ACI 318-19

ACI 318 gives a set of provisions for designing with headed bars which are primarily based on test data over many years. It allows the use of a relatively small head, which has a net bearing area at least four times that of the bar cross sectional area (4A) and where “the force in the bar is transferred to the concrete through a combination of bearing force at the head and bond forces along the bar.” (Clause R25.4.4). Despite there being a rebar bond/development length requirement, there is still a clear advantage compared with standard hooked bars. Clause R25.4.3 states “For bars in tension, heads allow the bars to be developed in a shorter length than required for standard hooks, but otherwise perform in a similar manner (Thompson et al. 2005, 2006a, b; Shao et al. 2016)”.

Prior to the 2019 version of the standard, there was a restriction on the maximum concrete and rebar strengths allowed, which considerably restricted the use of headed bars. However, these restrictions have now been removed. The restriction of bar diameter to a maximum of 36mm remains, which is based on a lack of data for larger bar diameters. However, test programs using large bar diameters are ongoing.

In all cases the minimum center to center and minimum edge distances are set as multiples of the bar diameter, with the bond/development length varying, being a function of rebar and concrete strength together with four modification factors. Diagrams are provided to show how a concrete cone break out failure can be precluded in joints.

For beam-column joints of special moment frames forming part of the seismic force restraint system and for Seismic Design Categories (SDG) B through to F, the development length should be increased by multiplying the specified rebar yield strength by 1.25. “The factor 1.25 is intended to represent the potential increase in stresses due to inelastic response, including strain hardening that may occur in beams of special moment frames” (Clause R18.8.5.2).

With regards the product standard for headed bars, ACI 318-19 requires that the heads are compliant with the provisions of ASTM A97015 Class HA.

Figure 8. Graphical representation of Dextra Bartec/Fortec headed bars with 4A and 9A heads

Compression Forces

Where headed bars are subjected to compression loading care should be taken to avoid the concrete beyond the head being overstressed resulting in a punching shear cone failure as shown in Figure 9(a). One solution is to ensure there is sufficient bonded length within the anchorage zone to resist the compression forces, thus avoiding the head itself being loaded at all due to rebar compression forces, as shown in Figure 9(b).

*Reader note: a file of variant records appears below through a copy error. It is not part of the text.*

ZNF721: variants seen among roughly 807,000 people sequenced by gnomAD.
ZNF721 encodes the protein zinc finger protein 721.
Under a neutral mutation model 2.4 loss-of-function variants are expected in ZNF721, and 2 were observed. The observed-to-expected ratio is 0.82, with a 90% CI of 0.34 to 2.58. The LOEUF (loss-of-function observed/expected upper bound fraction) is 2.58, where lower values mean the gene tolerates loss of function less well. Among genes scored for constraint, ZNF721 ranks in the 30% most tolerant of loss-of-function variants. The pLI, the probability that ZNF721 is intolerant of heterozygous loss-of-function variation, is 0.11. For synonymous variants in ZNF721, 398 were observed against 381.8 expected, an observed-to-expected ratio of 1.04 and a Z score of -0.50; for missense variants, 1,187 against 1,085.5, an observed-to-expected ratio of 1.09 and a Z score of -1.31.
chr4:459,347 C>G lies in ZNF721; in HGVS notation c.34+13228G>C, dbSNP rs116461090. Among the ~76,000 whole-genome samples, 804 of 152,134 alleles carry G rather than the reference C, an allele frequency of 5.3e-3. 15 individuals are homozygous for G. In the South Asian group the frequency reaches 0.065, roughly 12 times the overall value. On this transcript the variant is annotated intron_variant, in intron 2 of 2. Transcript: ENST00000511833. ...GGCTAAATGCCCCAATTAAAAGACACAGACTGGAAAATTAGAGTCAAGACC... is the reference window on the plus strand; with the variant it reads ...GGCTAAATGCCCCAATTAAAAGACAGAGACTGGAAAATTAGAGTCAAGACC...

ACI 318-19 does not permit the use of heads to contribute to compression anchorage. Likewise, it does not permit the use of bent bars to contribute to compression anchorage. Clause states “Hooks and heads shall not be used to develop bars in compression”. As a result, compression loads should be resisted by the straight length of rebar before the head or bend.

Similarly, Eurocode 2 Clause 8.4.1 (3) states that “Bends and hooks do not contribute to compression anchorages”.

Figure 9. The head of a headed bars should not generally be used to take rebar compression forces

Figure 9. The head of a headed bars should not generally be used to take rebar compression forces
(a) Potential failure mechanism when compression forces are taken by the head.
(b) Headed bars taking compression forces, should generally rely on a bonded (development) length of rebar to transfer the compression forces into the concrete within the anchorage zone.

Although the straight length compression anchorage (development) length for hooked bars and headed bars is the same, there is an advantage in using headed bars for compression anchorages because the required bonded (development) length can start closer to the edge of the concrete, as shown in Figure 10.

Figure 10. Compression anchorages taken by the straight length of rebar before a bend or the head of a headed bar

Types of Headed Bar

Most headed bar manufacturers produce products with at least two sizes of head. The smaller typically has a net bearing area of at least four times the cross-sectional area of the bar, (a 4A head), to comply with the requirements of ACI-318, while the larger is typically 9A. 9A heads are usually selected because using this size can reduce the burden of ISO 15698 in concrete testing for static and fatigue loading qualification. Graphical representations of these two sizes can be seen in Figure 8.